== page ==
CMISE to develop tool for viewing metabolomics of cells — the pathways within cells that show researchers how the body works at the smallest level

The Institute for Cell Mimetic Space Exploration (CMISE) at the UCLA Henry Samueli School of Engineering and Applied Science has been awarded a $2 million grant from the National Institutes of Health to develop an automated, chip-based metabolic analysis tool.

The cells of the human body are composed of many intricate subsystems that interact at multiple levels and are highly sensitive to environmental factors. Recent studies show that many degenerative health issues — including diabetes, digestive and kidney diseases, as well as cancer — actually damage the cell’s metabolic pathways. Metabolics — the study of the way in which the cellular metabolism works — seeks to use biological cells, intracellular components and molecular machines to build a self-regulating system for sensing and controlling specific environmental threats. Metabolomics is the mapping of these metabolic pathways within a cell.

UCLA chemical engineering professor James Liao, along with a team of researchers, will use the NIH Roadmap grant to develop a practical tool to aid in more easily extracting and measuring the metabolites, the substance produced by the metabolism, in cells. Though current technologies are available, these prove impractical on a large scale due to the high cost and the time-intensive manual labor required. Much of the complex equipment needed to process metabolites also is not widely available.

The goal of Liao’s work is to find a general technical platform that will enable health professionals to study the metabolic pathways of cells in a shorter amount of time, in a more efficient manner and without a lot of complex machinery.

“We are delighted and grateful that the NIH has chosen to award CMISE a $2 million Roadmap grant. Their funding will enable us to continue to pursue our focus on innovating new and better ways to identify, develop, and promote nano and bio information technologies for complex multilevel natural and artificial systems,” Liao said.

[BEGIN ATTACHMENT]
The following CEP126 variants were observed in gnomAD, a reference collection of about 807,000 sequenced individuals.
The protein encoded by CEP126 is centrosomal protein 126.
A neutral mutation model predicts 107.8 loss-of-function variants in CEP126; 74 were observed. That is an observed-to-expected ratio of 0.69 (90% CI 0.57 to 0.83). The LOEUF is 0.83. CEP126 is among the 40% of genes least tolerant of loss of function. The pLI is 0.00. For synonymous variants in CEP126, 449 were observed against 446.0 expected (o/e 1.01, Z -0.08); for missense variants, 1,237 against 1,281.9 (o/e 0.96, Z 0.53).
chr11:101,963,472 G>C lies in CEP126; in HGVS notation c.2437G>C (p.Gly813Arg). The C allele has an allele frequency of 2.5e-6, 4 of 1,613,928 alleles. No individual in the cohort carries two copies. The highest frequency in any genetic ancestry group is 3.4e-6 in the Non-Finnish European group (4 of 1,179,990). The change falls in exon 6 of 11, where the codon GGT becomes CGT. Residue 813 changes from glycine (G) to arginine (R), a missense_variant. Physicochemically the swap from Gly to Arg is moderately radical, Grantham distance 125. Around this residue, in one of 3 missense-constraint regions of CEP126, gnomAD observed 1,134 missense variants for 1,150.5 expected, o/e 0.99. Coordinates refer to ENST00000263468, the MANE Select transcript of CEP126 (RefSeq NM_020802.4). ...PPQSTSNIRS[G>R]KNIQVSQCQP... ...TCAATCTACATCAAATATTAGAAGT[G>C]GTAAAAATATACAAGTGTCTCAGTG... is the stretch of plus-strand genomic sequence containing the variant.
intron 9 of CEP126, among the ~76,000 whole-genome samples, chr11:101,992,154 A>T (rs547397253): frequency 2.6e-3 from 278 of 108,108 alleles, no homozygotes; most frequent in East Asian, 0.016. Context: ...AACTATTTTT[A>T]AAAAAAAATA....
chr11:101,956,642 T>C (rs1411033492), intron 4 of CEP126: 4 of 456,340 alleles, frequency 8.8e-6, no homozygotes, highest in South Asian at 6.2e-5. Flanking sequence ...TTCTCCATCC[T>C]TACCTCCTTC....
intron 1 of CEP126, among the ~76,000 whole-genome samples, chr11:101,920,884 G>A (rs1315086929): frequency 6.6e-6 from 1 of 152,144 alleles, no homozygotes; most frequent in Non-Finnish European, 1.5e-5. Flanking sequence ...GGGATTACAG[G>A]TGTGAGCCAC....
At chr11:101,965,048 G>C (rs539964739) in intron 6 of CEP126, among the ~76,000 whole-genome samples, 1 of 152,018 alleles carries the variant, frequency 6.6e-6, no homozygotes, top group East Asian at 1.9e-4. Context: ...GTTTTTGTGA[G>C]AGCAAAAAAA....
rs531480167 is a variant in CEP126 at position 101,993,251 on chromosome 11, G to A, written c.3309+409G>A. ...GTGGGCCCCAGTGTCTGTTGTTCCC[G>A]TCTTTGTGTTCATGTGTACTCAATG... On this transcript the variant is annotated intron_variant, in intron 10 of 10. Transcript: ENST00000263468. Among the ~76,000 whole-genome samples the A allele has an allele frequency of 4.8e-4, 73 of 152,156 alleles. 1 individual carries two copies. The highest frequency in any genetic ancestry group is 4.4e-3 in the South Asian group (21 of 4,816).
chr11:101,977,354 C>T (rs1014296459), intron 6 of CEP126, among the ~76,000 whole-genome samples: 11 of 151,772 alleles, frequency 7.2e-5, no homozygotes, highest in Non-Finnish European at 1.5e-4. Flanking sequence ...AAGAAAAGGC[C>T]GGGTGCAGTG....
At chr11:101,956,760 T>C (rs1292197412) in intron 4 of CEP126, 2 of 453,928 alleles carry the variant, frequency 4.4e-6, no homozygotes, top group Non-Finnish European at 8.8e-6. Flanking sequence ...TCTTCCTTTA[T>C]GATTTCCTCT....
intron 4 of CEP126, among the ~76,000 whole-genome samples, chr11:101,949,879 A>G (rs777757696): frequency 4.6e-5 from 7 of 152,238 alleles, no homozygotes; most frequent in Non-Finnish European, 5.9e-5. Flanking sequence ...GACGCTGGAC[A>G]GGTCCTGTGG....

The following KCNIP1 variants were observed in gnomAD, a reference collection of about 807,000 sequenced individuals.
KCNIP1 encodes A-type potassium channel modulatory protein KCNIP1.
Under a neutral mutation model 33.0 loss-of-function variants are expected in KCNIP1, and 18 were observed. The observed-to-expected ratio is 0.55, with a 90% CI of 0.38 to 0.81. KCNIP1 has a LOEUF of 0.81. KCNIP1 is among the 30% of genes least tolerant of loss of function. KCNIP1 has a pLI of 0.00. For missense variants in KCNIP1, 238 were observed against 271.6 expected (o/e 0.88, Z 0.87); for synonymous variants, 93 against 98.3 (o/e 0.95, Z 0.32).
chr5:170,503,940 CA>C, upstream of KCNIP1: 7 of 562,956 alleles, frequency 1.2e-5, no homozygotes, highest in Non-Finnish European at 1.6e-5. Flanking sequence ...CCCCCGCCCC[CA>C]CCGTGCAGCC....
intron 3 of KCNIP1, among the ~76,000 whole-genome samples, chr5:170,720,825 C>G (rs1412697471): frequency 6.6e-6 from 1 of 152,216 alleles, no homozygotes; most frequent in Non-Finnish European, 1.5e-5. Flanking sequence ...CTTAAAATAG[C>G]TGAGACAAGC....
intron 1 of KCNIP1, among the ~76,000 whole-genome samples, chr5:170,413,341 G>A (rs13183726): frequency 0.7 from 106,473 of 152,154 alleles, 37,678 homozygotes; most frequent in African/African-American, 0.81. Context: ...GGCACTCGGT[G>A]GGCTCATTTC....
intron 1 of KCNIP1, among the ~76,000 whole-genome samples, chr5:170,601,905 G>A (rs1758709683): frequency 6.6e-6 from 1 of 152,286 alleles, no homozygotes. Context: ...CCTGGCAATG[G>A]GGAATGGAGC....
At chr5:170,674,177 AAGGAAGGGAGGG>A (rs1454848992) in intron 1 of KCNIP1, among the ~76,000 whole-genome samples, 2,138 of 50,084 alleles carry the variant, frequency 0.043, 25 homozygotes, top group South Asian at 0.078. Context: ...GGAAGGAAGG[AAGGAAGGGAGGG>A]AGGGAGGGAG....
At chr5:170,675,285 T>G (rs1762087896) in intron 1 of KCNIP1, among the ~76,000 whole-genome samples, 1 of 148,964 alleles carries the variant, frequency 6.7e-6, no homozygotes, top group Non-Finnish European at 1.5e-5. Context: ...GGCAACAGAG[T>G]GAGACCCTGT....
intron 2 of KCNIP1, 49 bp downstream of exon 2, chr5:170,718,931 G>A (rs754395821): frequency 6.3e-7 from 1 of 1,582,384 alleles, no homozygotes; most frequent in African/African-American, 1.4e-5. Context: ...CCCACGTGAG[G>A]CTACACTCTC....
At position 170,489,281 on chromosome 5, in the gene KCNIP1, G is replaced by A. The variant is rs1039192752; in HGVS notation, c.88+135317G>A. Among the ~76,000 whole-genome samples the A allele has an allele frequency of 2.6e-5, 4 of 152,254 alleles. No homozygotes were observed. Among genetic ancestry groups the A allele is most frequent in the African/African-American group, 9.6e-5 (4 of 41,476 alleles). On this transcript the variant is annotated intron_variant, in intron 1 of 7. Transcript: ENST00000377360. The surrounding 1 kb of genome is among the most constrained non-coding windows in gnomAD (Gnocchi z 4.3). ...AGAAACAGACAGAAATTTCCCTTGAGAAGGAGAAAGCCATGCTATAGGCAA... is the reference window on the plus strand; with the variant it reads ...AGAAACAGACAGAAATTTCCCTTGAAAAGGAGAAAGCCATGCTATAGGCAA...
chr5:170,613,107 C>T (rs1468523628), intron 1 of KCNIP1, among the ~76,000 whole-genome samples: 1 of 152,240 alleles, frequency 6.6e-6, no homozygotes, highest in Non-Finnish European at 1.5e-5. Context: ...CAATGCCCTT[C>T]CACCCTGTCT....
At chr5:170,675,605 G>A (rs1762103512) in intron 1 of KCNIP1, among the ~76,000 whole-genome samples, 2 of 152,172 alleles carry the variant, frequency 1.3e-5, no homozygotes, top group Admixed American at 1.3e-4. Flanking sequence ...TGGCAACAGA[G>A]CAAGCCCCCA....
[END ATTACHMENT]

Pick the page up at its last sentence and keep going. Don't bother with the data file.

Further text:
If Liao and his team are successful, these professionals will be able to extract metabolite from cells on what is basically a lab-on-a-chip platform, which will actually auto-mix tiny amounts of chemical solutions to prepare the relevant metabolites of the cells for extraction.

The resulting sample will then be placed onto a second, high-performance liquid chromatography or HPLC separation chip, which integrates sample enrichment and separation capabilities, and will allow the targeted analytes, or targeted chemical compound, to be more easily viewed in context with other metabolites. The results of the HPLC chip can then be sent directly to a specialty lab with mass spectroscopy capability to provide final results for the patient.

The practical outcome means a lower cost, less time spent waiting for results, a more efficient process and higher accuracy in results for the patient and doctor alike.

Other UCLA researchers working on the automated chip-based metabolic analysis are Dr. James Lin, Chih-Ming Ho, Dr. Ren Sun, Dr. Katrina Dipple and Dr. Edward McCabe. The group also will include Yu-Chong Tai from Cal-Tech and Terry Lee from City of Hope.

Funded in large part by a five-year, $15-million grant in 2003 from NASA with a renewal option for another five years totaling $30 million, CMISE focuses on four research paths: energetics, metabolics, systematics and CMISESat, a program at Texas A&M to teach students how to build one-pound satellites that can be launched into space. These satellites will serve as test beds to demonstrate that cell mimetics technology can work in space.